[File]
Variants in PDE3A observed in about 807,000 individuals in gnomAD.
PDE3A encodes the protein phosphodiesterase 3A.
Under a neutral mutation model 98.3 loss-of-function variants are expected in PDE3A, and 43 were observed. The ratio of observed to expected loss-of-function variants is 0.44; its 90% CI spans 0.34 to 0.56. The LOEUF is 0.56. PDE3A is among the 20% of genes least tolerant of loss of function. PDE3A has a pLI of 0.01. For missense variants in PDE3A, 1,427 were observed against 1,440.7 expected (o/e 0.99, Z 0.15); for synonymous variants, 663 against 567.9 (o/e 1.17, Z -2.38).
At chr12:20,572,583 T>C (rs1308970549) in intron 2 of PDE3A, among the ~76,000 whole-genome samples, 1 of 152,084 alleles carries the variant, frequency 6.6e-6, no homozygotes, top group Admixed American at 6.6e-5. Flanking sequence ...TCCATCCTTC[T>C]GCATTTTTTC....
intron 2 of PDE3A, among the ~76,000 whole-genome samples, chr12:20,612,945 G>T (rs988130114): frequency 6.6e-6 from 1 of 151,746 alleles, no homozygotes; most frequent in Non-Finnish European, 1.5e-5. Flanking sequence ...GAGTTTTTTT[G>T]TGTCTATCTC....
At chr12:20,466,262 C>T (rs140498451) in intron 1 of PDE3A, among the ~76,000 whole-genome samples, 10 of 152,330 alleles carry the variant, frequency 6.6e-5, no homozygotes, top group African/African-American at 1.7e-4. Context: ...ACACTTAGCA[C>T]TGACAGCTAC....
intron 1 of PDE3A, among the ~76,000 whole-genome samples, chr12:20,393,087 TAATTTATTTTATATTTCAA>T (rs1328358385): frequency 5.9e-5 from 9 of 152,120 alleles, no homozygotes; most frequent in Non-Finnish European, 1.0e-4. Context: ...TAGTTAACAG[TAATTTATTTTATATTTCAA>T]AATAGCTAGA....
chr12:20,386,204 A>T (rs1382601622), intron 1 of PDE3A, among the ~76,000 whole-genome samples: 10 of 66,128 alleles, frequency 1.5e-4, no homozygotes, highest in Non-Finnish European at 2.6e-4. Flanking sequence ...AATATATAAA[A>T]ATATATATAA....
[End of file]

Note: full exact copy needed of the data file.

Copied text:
Variants in PDE3A observed in about 807,000 individuals in gnomAD.
PDE3A encodes the protein phosphodiesterase 3A.
Under a neutral mutation model 98.3 loss-of-function variants are expected in PDE3A, and 43 were observed. The ratio of observed to expected loss-of-function variants is 0.44; its 90% CI spans 0.34 to 0.56. The LOEUF is 0.56. PDE3A is among the 20% of genes least tolerant of loss of function. PDE3A has a pLI of 0.01. For missense variants in PDE3A, 1,427 were observed against 1,440.7 expected (o/e 0.99, Z 0.15); for synonymous variants, 663 against 567.9 (o/e 1.17, Z -2.38).
At chr12:20,572,583 T>C (rs1308970549) in intron 2 of PDE3A, among the ~76,000 whole-genome samples, 1 of 152,084 alleles carries the variant, frequency 6.6e-6, no homozygotes, top group Admixed American at 6.6e-5. Flanking sequence ...TCCATCCTTC[T>C]GCATTTTTTC....
intron 2 of PDE3A, among the ~76,000 whole-genome samples, chr12:20,612,945 G>T (rs988130114): frequency 6.6e-6 from 1 of 151,746 alleles, no homozygotes; most frequent in Non-Finnish European, 1.5e-5. Flanking sequence ...GAGTTTTTTT[G>T]TGTCTATCTC....
At chr12:20,466,262 C>T (rs140498451) in intron 1 of PDE3A, among the ~76,000 whole-genome samples, 10 of 152,330 alleles carry the variant, frequency 6.6e-5, no homozygotes, top group African/African-American at 1.7e-4. Context: ...ACACTTAGCA[C>T]TGACAGCTAC....
intron 1 of PDE3A, among the ~76,000 whole-genome samples, chr12:20,393,087 TAATTTATTTTATATTTCAA>T (rs1328358385): frequency 5.9e-5 from 9 of 152,120 alleles, no homozygotes; most frequent in Non-Finnish European, 1.0e-4. Context: ...TAGTTAACAG[TAATTTATTTTATATTTCAA>T]AATAGCTAGA....
chr12:20,386,204 A>T (rs1382601622), intron 1 of PDE3A, among the ~76,000 whole-genome samples: 10 of 66,128 alleles, frequency 1.5e-4, no homozygotes, highest in Non-Finnish European at 2.6e-4. Flanking sequence ...AATATATAAA[A>T]ATATATATAA....